If you've had a conversation with your liberal friends over the last couple of weeks, there's a good chance it involved something between panic and resigned despair. Nothing seems to hurt President Trump, they'll say, not even being impeached. The economy is showing few signs of slowing down, which is good for the country but also good for Trump. The race for the Democratic presidential nomination is a mess.
The sentiment is expressed in the plaintive question friends and relatives keep asking me: He's going to get reelected, isn't he?
The real answer is that it's certainly possible. But it's also true that the things that are making many liberals so pessimistic are being misread, or at least overstated. So let's try to bring a little cool reason to this discussion.
To begin with: Trump retains the support of most Republicans, but he is, as he has always been, quite unpopular. A couple of weeks ago, everyone was talking about how his approval rating was on the rise, but that turned out to be a momentary blip, and a tiny one at that. The latest FiveThirtyEight average puts his approval rating at 43 percent, with 52 percent disapproving. That a president could have an approval rating that low when unemployment is at 3.6 percent and we're not mired in an unpopular war shows how low Trump's ceiling of support may be.And that's close to what Trump pulls in every general election matchup in polls: somewhere in the mid-40s, no matter which candidate he's posed against.
But what about that Democratic race? Aren't they doomed to nominate someone unelectable?
I'm not going to go into which of the candidates is or isn't electable. What's more relevant for the moment is that the obsession with electability this year has convinced many Democrats that there's only one answer to that question, in the form of whoever they decided to support.
And, right now, the most striking thing about national polls of the primary is that no candidate has the support of even a quarter of the electorate. At the moment, Sen. Bernie Sanders (I-Vt.) is in front, but he has the backing of only about 23 percent of Democrats, not far from what he got in Iowa and New Hampshire. Which means that things may look bad no matter who you favor.
If one candidate was leading with 40 percent or 50 percent, Democratic voters would be in the process of convincing themselves that candidate could win the general election. But right now, with no candidate getting more than a quarter of the vote, no matter who you support, at the very least you're terrified they won't prevail and some other unelectable candidate will be the nominee. That's enough to make you depressed.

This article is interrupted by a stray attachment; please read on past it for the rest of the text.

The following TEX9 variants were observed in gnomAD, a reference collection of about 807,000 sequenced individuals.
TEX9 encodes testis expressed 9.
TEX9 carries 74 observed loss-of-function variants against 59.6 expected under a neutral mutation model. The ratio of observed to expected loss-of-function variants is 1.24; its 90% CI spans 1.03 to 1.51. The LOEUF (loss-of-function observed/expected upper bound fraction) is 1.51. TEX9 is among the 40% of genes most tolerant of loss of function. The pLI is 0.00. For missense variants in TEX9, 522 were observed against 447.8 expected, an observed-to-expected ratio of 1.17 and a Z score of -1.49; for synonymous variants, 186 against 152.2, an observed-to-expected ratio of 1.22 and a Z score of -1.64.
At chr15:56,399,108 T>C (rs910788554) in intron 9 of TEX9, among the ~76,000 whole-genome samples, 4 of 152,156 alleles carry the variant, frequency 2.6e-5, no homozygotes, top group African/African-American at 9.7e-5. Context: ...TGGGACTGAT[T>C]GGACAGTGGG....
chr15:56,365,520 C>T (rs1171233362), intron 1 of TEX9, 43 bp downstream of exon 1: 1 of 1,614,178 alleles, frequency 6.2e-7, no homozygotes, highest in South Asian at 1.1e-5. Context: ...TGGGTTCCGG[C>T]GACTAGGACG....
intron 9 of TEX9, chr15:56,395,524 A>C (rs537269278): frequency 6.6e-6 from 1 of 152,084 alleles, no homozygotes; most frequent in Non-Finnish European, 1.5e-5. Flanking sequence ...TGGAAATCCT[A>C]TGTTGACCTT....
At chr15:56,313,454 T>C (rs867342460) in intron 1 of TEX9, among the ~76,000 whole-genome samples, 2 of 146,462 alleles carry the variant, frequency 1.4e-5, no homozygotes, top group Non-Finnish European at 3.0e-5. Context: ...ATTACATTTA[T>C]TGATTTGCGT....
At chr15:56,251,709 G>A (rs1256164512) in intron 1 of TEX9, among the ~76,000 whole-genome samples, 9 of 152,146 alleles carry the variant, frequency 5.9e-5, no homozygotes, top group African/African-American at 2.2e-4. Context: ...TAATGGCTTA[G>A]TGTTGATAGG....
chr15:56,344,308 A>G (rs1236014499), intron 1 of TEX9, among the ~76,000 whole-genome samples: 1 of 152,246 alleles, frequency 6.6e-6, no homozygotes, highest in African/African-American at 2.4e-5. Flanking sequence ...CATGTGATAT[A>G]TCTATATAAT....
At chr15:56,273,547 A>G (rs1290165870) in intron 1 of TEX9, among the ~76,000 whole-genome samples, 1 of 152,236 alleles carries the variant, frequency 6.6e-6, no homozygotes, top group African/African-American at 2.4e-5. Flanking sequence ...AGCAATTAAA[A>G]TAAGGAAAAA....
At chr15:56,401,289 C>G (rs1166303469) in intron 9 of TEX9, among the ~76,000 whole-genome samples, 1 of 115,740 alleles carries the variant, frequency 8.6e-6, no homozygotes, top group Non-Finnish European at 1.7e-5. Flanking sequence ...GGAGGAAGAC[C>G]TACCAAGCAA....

Then we have a collection of factors unrelated to these specific candidates that have the effect of pushing Democrats to despair. The most important may be the searing memory of 2016, when pretty much no one thought Trump would win. The shock of that night and the memory of their overconfidence has led many Democrats to go all the way in the other direction, assuming that Trump will inevitably win in the end. Any momentary glimmer of optimism they might have is quashed by the traumatic memory of that event.
But let's not forget what an incredible confluence of circumstance it took for Trump to win the electoral college four years ago, despite nearly 3 million more people voting for Hillary Clinton — up to and including now-former FBI director James B. Comey's 11th-hour intervention which benefited Trump. Might the same thing happen again? It might. But that doesn't mean it's likely, let alone certain.Liberals also tend to get spooked by Trump's unparalleled ability to command the attention of the news media. But it's important to remember that when he seizes control of the agenda, it doesn't mean he's persuading anyone that he's right or that they should vote for him. There are plenty of examples of his failure to do so; perhaps most vividly, just before the 2018 midterms he successfully got everyone talking about a "caravan" of invading migrants, which he thought would drum up enough fear to ensure a Republican victory. He was wrong.
Liberals are also forever gripped by the belief that most of the country, especially those "real" (i.e., white, working-class) Americans in small towns and rural areas, hate them and their ideas. The truth, however, is that most of the Democratic agenda is far, far more popular than the Republican agenda. That's one of the reasons the Democratic candidate has won the popular vote in six of the last seven presidential elections.
Here's the reality: This is going to be a close election no matter what. Trump could indeed win. But that's not a reason for Democrats to despair. It's a reason for them to get to work.
Paul Waldman, Washington Post, February 14, 2020
February 17, 2020
Voices4America Post Script. Great article. "Here's the reality: This is going to be a close election no matter what. Trump could indeed win. But that's not a reason for Democrats to despair. It's a reason for them to get to work." Pass it on. #AnyoneButTrump2020